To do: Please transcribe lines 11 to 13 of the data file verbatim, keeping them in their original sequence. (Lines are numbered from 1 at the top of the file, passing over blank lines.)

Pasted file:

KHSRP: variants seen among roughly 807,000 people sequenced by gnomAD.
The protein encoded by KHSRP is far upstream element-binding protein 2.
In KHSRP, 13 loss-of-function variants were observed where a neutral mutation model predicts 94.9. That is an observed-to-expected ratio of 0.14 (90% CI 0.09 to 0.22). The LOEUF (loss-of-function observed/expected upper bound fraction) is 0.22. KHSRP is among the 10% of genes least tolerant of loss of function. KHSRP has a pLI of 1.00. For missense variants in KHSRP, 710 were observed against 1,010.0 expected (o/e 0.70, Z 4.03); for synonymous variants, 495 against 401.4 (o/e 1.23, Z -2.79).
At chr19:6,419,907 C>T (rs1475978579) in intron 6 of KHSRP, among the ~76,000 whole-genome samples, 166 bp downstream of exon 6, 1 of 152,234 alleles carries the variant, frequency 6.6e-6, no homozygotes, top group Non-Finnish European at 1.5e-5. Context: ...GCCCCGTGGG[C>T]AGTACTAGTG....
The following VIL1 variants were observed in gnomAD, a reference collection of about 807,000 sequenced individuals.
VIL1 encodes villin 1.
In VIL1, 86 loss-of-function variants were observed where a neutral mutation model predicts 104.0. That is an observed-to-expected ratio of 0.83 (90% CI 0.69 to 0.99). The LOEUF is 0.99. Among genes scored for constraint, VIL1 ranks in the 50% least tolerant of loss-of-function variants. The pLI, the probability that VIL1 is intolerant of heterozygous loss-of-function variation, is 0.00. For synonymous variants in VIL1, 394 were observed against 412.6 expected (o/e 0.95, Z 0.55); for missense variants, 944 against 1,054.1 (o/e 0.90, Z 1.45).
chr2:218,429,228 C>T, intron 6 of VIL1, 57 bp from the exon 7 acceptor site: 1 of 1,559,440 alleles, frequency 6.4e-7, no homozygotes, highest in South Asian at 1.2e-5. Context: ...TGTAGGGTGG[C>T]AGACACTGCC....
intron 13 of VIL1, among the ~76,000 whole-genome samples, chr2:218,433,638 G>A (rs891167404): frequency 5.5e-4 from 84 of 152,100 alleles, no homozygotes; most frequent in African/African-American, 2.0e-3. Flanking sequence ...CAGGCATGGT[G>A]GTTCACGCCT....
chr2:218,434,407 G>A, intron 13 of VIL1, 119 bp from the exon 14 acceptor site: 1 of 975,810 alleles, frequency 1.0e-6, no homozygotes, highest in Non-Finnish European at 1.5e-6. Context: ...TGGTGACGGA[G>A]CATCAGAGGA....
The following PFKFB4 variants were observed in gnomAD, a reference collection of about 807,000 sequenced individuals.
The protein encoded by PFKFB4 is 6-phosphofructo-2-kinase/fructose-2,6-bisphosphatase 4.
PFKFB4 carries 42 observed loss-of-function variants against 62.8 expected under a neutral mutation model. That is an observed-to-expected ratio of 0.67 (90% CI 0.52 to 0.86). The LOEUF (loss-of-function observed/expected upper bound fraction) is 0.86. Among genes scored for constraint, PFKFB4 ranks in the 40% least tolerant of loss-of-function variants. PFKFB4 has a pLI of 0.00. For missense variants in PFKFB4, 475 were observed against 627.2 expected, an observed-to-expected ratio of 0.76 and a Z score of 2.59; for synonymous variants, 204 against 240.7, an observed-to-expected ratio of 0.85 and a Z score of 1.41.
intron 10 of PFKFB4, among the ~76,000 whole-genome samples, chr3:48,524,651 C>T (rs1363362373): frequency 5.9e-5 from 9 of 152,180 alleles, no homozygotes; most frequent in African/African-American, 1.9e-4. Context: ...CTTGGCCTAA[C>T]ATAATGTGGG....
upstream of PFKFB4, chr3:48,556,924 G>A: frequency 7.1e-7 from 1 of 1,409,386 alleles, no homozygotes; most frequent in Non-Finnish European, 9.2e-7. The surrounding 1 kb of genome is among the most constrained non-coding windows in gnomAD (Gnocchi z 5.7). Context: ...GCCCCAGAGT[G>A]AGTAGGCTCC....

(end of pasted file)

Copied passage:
The following PFKFB4 variants were observed in gnomAD, a reference collection of about 807,000 sequenced individuals.
The protein encoded by PFKFB4 is 6-phosphofructo-2-kinase/fructose-2,6-bisphosphatase 4.
PFKFB4 carries 42 observed loss-of-function variants against 62.8 expected under a neutral mutation model. That is an observed-to-expected ratio of 0.67 (90% CI 0.52 to 0.86). The LOEUF (loss-of-function observed/expected upper bound fraction) is 0.86. Among genes scored for constraint, PFKFB4 ranks in the 40% least tolerant of loss-of-function variants. PFKFB4 has a pLI of 0.00. For missense variants in PFKFB4, 475 were observed against 627.2 expected, an observed-to-expected ratio of 0.76 and a Z score of 2.59; for synonymous variants, 204 against 240.7, an observed-to-expected ratio of 0.85 and a Z score of 1.41.